Social media and changing political dynamics

For more than a decade now, we have been experiencing a revolution in social media. It was a complete game-changer, allowing politicians of all schools of thought to deliver their message and run their political campaigns to build a narrative of their constituents and the general public against their opponents. Most political parties and politicians in Pakistan have individually embraced social media, especially Facebook and Twitter, to deliver their message to their constituents without media filtering. Political parties and individuals enjoy widespread support using social media platforms. We can see from elections around the world that social media is leveling the playing field in politics, where access to official communication channels and financial resources are major hurdles for politicians.

If we examine the history of social media, we will find that grassroots movements in the Middle East known as the Arab Spring, from the Syrian Civil War to the so-called extremist organization, the rise and fall of the Islamic State, from allegations of Russian interference in US elections to the Cambridge Analytica scandal, from PTI sit-ins against the government, from TLP protests to long marches, we only learned of major events through the through social media.

This change in the political scenario of Pakistan, which happened via social media, dates back to 2010. Previously, the political parties in Pakistan used the traditional methods of newspapers or TV stations instead of social media, but the media social changed everything. Major political parties and state institutions have used social media for their purposes. Even smaller political parties and groups that have no place in print and electronic media are increasingly using social media to ensure their voice reaches the masses.

Today’s political campaigns are not just limited to posters and banners; they are also full of infomercials, advertisements, blog entries, thousands of tweets, Instagram posts, and Facebook posts. Politicians can conduct their campaigns by viewing responses to their actions on social media platforms.

Social media clearly has a bigger impact on election results over time, as political campaigns have become more expensive and the need to reach out to voters has become more vital. Over the past five years, social media has assumed a greater role in society.

The impact of social media was first seen in the 2018 general election, in which former cricketer turned politician Imran Khan, Pakistan Tehreek-e-Insaf (PTI) emerged victorious. The PTI, and in particular Imran Khan, have changed the politics of the country with social media.

Knowing the importance and value of social media, Imran Khan not only ensured his party’s presence on social media platforms but also used it to build a narrative and woo the public, especially the younger generation. Since the foundation of the PTI more than 26 years ago, its President, Imran Khan, who was already a celebrity known and praised by all, especially by the younger generation, who admire him, love him and consider him the last hope for the survival of the country.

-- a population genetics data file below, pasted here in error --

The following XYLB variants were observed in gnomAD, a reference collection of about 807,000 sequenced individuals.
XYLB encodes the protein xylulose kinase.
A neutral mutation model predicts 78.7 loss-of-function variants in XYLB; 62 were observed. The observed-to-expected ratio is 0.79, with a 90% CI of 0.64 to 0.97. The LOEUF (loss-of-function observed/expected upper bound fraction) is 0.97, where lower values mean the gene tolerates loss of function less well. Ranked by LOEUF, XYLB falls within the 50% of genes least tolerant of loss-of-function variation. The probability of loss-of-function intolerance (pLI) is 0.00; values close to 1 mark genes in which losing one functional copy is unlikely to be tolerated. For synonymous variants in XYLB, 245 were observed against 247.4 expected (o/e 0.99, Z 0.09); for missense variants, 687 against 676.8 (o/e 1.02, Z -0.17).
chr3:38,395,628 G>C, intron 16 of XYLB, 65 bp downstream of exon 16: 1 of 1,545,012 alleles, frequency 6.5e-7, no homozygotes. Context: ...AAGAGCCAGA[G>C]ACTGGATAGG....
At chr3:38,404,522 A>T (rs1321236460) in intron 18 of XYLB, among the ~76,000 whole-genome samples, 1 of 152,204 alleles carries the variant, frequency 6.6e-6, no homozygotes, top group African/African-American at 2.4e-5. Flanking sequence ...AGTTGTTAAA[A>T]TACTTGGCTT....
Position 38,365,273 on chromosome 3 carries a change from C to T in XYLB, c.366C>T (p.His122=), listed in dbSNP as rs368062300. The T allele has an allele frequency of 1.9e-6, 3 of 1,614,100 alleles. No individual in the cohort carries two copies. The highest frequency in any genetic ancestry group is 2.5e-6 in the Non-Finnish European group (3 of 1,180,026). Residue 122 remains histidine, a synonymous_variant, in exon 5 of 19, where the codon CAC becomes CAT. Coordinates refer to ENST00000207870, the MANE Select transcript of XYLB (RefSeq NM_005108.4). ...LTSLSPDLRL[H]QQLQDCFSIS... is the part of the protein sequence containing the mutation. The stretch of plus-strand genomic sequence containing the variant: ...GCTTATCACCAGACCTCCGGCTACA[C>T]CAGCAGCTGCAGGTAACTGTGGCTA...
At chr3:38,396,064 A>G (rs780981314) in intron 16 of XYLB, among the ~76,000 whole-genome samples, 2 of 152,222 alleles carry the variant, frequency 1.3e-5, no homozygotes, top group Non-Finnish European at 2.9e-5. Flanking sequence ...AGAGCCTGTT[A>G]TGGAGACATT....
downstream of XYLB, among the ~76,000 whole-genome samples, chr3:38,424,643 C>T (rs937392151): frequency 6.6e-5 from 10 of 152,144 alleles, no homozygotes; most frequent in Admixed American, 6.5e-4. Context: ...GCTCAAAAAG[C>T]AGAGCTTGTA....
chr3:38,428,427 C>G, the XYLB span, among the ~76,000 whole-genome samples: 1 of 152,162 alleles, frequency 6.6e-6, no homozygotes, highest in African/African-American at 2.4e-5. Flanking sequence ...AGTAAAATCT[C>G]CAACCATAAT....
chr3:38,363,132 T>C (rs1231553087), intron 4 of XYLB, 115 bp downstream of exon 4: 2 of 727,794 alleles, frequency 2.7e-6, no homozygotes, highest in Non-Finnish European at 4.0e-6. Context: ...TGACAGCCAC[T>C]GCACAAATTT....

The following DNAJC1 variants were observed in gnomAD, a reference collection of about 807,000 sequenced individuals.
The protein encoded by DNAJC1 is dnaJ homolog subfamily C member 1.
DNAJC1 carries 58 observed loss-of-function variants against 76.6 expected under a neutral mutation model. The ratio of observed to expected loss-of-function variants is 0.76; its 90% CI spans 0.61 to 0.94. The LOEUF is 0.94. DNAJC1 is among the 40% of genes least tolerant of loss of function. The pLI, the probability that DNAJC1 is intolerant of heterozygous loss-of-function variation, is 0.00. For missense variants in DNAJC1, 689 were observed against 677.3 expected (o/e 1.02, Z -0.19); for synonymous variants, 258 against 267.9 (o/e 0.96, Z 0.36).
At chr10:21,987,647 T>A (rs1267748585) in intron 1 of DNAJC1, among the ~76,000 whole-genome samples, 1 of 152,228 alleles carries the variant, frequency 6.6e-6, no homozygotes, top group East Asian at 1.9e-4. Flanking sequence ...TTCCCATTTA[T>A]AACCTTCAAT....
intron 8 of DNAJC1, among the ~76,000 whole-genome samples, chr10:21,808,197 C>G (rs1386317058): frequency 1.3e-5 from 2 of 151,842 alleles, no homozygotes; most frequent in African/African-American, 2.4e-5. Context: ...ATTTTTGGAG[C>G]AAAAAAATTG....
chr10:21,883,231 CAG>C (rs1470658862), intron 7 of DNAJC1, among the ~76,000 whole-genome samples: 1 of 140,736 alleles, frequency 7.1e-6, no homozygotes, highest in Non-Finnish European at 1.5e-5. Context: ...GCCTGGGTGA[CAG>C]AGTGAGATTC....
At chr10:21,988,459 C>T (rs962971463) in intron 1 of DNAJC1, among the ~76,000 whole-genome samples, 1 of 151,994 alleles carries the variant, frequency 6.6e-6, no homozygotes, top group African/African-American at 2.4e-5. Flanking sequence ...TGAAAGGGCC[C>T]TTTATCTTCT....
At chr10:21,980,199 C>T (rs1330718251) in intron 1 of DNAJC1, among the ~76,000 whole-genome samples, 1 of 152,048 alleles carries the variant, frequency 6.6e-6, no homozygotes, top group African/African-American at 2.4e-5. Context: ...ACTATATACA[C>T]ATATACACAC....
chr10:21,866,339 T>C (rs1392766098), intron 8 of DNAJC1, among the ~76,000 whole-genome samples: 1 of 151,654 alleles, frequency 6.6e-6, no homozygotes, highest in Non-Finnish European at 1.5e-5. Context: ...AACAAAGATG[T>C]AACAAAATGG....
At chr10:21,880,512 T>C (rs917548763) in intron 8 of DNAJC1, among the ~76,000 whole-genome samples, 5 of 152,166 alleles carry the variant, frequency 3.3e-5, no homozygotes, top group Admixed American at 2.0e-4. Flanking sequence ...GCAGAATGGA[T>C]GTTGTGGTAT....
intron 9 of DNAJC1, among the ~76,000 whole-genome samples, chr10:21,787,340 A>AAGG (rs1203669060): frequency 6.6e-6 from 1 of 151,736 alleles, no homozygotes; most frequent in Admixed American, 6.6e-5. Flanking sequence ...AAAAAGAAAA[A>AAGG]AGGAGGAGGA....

The cricketer-turned-politician used social media to build a narrative and get his message across to the general public and his supporters, who he called the “Tigers”. The PTI’s social media campaign gathered pace ahead of the 2018 general election in which the Imran Khan-led PTI emerged victorious, giving the former captain of the Pakistani cricket team the opportunity to stand and change the destiny of the country. What the Imran Khan-led government did during its roughly 3½-year tenure is a separate discussion, but the party has always maintained its social media presence to share its performance throughout its tenure.

Over the past few months, or we can say since the overthrow of the PTI government, the party has been campaigning rigorously on social media to build its narrative and to some extent the party has been successful in its campaign. The result of which was visible in the by-elections held in 20 constituencies in Punjab after members of the provincial assembly were overthrown by the ECP on the order of the Supreme Court after voting for Hamza, the leader of the Muslim League of Pakistan-Nawaz (PML-N). Shehbaz during the election for the post of Chief Minister of Punjab.
However, apart from the benefits of using social media, one cannot ignore the major problem of misinformation or fake news through these media, as these propaganda-driven campaigns are mushrooming due to the growing role social media platforms as media, where content can be produced and relayed among users without significant third-party filtering, fact-checking or editorial judgment.

Fake news or disinformation finds fertile ground in a divided electorate that has clear internal and external groups, where people are willing to accept any statement as long as it is consistent with what they already believe. This recent change in political dynamics has placed an additional obligation on the youth of a country considered the fifth largest young nation in the world, comprising 63% of the total population, as social media platforms have gained “knowledge power”. derived from the vast amounts of data they collected and collated. These platforms know more about a person than the government, which means their opinion, thought and support for all purposes could easily be manipulated. Young people should think that they are the kingmakers now, and they should learn the algorithms and working mechanisms of social media platforms to differentiate between true and false stories to save the fate of the country.

The views and opinions expressed in this blog belong solely to the author and do not reflect the official policy of Dunya News.

Source link